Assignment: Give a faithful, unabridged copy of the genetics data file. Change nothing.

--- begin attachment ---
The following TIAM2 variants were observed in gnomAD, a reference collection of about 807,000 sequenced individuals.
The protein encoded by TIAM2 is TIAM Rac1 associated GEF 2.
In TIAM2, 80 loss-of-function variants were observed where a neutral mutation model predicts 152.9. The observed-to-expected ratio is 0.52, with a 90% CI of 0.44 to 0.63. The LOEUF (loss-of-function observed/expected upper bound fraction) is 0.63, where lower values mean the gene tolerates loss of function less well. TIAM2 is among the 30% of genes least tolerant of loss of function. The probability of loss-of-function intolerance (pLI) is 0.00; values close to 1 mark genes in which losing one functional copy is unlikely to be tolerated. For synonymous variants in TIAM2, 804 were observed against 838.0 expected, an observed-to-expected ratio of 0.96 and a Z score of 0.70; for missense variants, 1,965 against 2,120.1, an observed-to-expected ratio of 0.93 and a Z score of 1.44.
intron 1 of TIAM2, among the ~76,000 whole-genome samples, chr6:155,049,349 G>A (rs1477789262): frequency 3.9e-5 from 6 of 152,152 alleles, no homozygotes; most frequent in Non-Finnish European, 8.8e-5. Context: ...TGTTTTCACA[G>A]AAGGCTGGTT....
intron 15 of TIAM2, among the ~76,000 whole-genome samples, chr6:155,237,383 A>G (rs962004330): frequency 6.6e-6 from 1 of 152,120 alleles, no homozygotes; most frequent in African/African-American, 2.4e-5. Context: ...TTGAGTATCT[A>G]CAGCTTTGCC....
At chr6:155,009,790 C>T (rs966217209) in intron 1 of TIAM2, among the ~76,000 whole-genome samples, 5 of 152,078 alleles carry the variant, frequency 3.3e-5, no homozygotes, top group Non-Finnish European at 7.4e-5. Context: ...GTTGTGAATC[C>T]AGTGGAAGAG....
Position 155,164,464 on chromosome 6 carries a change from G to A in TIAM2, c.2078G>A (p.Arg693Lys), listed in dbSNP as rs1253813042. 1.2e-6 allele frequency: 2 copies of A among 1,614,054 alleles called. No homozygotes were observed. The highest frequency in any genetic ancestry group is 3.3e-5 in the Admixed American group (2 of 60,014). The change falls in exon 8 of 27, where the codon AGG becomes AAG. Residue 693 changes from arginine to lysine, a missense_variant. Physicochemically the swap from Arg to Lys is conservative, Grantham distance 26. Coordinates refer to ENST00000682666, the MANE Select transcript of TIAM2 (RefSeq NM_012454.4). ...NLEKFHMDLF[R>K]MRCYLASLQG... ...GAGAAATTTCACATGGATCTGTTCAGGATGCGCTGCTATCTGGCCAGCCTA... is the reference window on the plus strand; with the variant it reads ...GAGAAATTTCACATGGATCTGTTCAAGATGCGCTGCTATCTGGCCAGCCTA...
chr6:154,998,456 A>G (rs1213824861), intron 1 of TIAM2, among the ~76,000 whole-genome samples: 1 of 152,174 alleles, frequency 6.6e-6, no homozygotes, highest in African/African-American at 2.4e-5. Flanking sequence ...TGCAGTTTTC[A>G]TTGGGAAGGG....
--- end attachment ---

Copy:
The following TIAM2 variants were observed in gnomAD, a reference collection of about 807,000 sequenced individuals.
The protein encoded by TIAM2 is TIAM Rac1 associated GEF 2.
In TIAM2, 80 loss-of-function variants were observed where a neutral mutation model predicts 152.9. The observed-to-expected ratio is 0.52, with a 90% CI of 0.44 to 0.63. The LOEUF (loss-of-function observed/expected upper bound fraction) is 0.63, where lower values mean the gene tolerates loss of function less well. TIAM2 is among the 30% of genes least tolerant of loss of function. The probability of loss-of-function intolerance (pLI) is 0.00; values close to 1 mark genes in which losing one functional copy is unlikely to be tolerated. For synonymous variants in TIAM2, 804 were observed against 838.0 expected, an observed-to-expected ratio of 0.96 and a Z score of 0.70; for missense variants, 1,965 against 2,120.1, an observed-to-expected ratio of 0.93 and a Z score of 1.44.
intron 1 of TIAM2, among the ~76,000 whole-genome samples, chr6:155,049,349 G>A (rs1477789262): frequency 3.9e-5 from 6 of 152,152 alleles, no homozygotes; most frequent in Non-Finnish European, 8.8e-5. Context: ...TGTTTTCACA[G>A]AAGGCTGGTT....
intron 15 of TIAM2, among the ~76,000 whole-genome samples, chr6:155,237,383 A>G (rs962004330): frequency 6.6e-6 from 1 of 152,120 alleles, no homozygotes; most frequent in African/African-American, 2.4e-5. Context: ...TTGAGTATCT[A>G]CAGCTTTGCC....
At chr6:155,009,790 C>T (rs966217209) in intron 1 of TIAM2, among the ~76,000 whole-genome samples, 5 of 152,078 alleles carry the variant, frequency 3.3e-5, no homozygotes, top group Non-Finnish European at 7.4e-5. Context: ...GTTGTGAATC[C>T]AGTGGAAGAG....
Position 155,164,464 on chromosome 6 carries a change from G to A in TIAM2, c.2078G>A (p.Arg693Lys), listed in dbSNP as rs1253813042. 1.2e-6 allele frequency: 2 copies of A among 1,614,054 alleles called. No homozygotes were observed. The highest frequency in any genetic ancestry group is 3.3e-5 in the Admixed American group (2 of 60,014). The change falls in exon 8 of 27, where the codon AGG becomes AAG. Residue 693 changes from arginine to lysine, a missense_variant. Physicochemically the swap from Arg to Lys is conservative, Grantham distance 26. Coordinates refer to ENST00000682666, the MANE Select transcript of TIAM2 (RefSeq NM_012454.4). ...NLEKFHMDLF[R>K]MRCYLASLQG... ...GAGAAATTTCACATGGATCTGTTCAGGATGCGCTGCTATCTGGCCAGCCTA... is the reference window on the plus strand; with the variant it reads ...GAGAAATTTCACATGGATCTGTTCAAGATGCGCTGCTATCTGGCCAGCCTA...
chr6:154,998,456 A>G (rs1213824861), intron 1 of TIAM2, among the ~76,000 whole-genome samples: 1 of 152,174 alleles, frequency 6.6e-6, no homozygotes, highest in African/African-American at 2.4e-5. Flanking sequence ...TGCAGTTTTC[A>G]TTGGGAAGGG....